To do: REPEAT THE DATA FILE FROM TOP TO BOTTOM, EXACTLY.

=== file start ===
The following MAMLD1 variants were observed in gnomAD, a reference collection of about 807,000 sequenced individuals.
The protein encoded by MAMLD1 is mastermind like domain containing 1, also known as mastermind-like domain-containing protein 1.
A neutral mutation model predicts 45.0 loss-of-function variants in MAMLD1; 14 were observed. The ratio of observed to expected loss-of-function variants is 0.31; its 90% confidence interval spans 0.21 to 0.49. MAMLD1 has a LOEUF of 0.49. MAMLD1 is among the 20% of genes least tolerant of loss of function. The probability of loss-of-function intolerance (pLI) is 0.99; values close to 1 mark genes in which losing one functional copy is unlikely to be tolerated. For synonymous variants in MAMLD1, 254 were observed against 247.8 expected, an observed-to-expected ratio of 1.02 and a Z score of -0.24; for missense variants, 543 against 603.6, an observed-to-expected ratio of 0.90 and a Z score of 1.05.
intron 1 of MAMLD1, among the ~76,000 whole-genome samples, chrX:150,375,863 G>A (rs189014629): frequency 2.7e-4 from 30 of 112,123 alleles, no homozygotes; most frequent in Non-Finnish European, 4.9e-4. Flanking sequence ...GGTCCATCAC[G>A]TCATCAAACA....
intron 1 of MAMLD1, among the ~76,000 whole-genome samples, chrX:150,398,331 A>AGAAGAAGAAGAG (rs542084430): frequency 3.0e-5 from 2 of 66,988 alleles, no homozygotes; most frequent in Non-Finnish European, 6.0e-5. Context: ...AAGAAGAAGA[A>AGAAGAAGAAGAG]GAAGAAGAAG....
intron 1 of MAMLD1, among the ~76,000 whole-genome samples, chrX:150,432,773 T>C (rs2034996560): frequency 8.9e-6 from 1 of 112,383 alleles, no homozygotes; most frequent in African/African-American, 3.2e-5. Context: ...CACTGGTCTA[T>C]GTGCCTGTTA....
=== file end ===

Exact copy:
The following MAMLD1 variants were observed in gnomAD, a reference collection of about 807,000 sequenced individuals.
The protein encoded by MAMLD1 is mastermind like domain containing 1, also known as mastermind-like domain-containing protein 1.
A neutral mutation model predicts 45.0 loss-of-function variants in MAMLD1; 14 were observed. The ratio of observed to expected loss-of-function variants is 0.31; its 90% confidence interval spans 0.21 to 0.49. MAMLD1 has a LOEUF of 0.49. MAMLD1 is among the 20% of genes least tolerant of loss of function. The probability of loss-of-function intolerance (pLI) is 0.99; values close to 1 mark genes in which losing one functional copy is unlikely to be tolerated. For synonymous variants in MAMLD1, 254 were observed against 247.8 expected, an observed-to-expected ratio of 1.02 and a Z score of -0.24; for missense variants, 543 against 603.6, an observed-to-expected ratio of 0.90 and a Z score of 1.05.
intron 1 of MAMLD1, among the ~76,000 whole-genome samples, chrX:150,375,863 G>A (rs189014629): frequency 2.7e-4 from 30 of 112,123 alleles, no homozygotes; most frequent in Non-Finnish European, 4.9e-4. Flanking sequence ...GGTCCATCAC[G>A]TCATCAAACA....
intron 1 of MAMLD1, among the ~76,000 whole-genome samples, chrX:150,398,331 A>AGAAGAAGAAGAG (rs542084430): frequency 3.0e-5 from 2 of 66,988 alleles, no homozygotes; most frequent in Non-Finnish European, 6.0e-5. Context: ...AAGAAGAAGA[A>AGAAGAAGAAGAG]GAAGAAGAAG....
intron 1 of MAMLD1, among the ~76,000 whole-genome samples, chrX:150,432,773 T>C (rs2034996560): frequency 8.9e-6 from 1 of 112,383 alleles, no homozygotes; most frequent in African/African-American, 3.2e-5. Context: ...CACTGGTCTA[T>C]GTGCCTGTTA....